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Title: From the Lab Bench: Should you plant a non-toxic endophyte tall fescue?

item Aiken, Glen

Submitted to: Cow Country News
Publication Type: Popular Publication
Publication Acceptance Date: 6/25/2015
Publication Date: 7/1/2015
Citation: Aiken, G.E. 2015. From the Lab Bench: Should you plant a non-toxic endophyte tall fescue? Cow Country News. p. 26.

Interpretive Summary: Tall fescue is a cool-season perennial grass that is utilized for forage on approximately 35 million acres of the USA; however, toxic ergot alkaloids produced by the endophyte that infects most plants of tall fescue can induce a toxicosis in cattle that costs the U.S. cattle industry approximately 1 billion dollars per year in lost production. Novel endophyte-infected tall fescues are now commercially available that do not produce the toxic ergot alkaloids. Although the novel endophyte-infected fescue are persistent, a column was written to make recommendations to minimize the effects of overgrazing and reduce the risk of losing stands: 1) maintain good soil fertility, 2) less heat stress on grazing cattle will increase fescue consumption such that stocking rates should be reduced in the late spring and summer, and 3) use a rotational stocking system. Cattlemen interested in alleviating fescue toxicosis can replace toxic endophyte-infected tall fescue with non-toxic endophyte-infected tall fescue, but management inputs will be required to maintain these the non-toxic tall fescues.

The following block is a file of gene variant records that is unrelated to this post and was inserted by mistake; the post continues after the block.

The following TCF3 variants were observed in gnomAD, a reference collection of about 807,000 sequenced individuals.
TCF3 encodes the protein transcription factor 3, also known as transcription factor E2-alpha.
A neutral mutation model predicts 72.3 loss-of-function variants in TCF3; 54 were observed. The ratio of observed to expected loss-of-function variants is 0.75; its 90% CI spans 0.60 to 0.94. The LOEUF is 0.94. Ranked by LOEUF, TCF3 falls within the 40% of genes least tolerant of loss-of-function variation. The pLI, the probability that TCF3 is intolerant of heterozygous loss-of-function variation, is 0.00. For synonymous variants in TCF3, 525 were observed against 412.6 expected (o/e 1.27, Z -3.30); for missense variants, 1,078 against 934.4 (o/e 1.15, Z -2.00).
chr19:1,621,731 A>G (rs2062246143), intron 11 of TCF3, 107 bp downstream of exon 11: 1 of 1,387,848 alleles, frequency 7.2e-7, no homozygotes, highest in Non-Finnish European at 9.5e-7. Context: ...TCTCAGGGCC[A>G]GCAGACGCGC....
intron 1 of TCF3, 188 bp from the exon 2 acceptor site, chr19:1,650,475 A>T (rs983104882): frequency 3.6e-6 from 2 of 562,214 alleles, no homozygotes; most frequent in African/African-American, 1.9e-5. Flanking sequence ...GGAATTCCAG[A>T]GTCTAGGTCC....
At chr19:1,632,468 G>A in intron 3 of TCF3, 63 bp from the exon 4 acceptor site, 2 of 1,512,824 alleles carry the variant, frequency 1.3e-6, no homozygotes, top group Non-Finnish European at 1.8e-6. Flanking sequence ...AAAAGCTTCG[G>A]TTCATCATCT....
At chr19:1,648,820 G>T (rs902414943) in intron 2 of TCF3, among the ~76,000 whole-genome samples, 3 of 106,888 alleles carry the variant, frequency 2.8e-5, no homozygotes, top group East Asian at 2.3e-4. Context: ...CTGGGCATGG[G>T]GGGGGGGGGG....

Technical Abstract: A column was written to discuss planting novel endophyte tall fescue for alleviating fescue toxicosis. Endophyte-free tall fescue cultivars can be grazed as a non-toxic alternative, but it maust be understood that it is the endophyte, through production of alkaloids other than ergot alkaloids, that makes the fescue plant hardy and productive. Non-toxic endophyte strains have been developed and are commercially available that serve as the only management tool in alleviating fescue toxicosis for cattle grazing tall fescue. To establish novel endophyte tall fescue without contamination from volunteered toxic tall fescue you should use the spray-smother-spray approach by killing the existing stand by spraying glyphosate in the late spring, plant a cover crop to smother any surviving toxic tall fescue, and then spray again in the fall prior to planting the novel endophyte tall fescue. Soil fertility should be maintain, stands should not be overgrazed during the summer months, and a rotational stocking system should be used to minimize the risk of losing stands of novel endophyte tall fescue. These steps can be taken to maintain strong productive stands without incidence of toxicosis.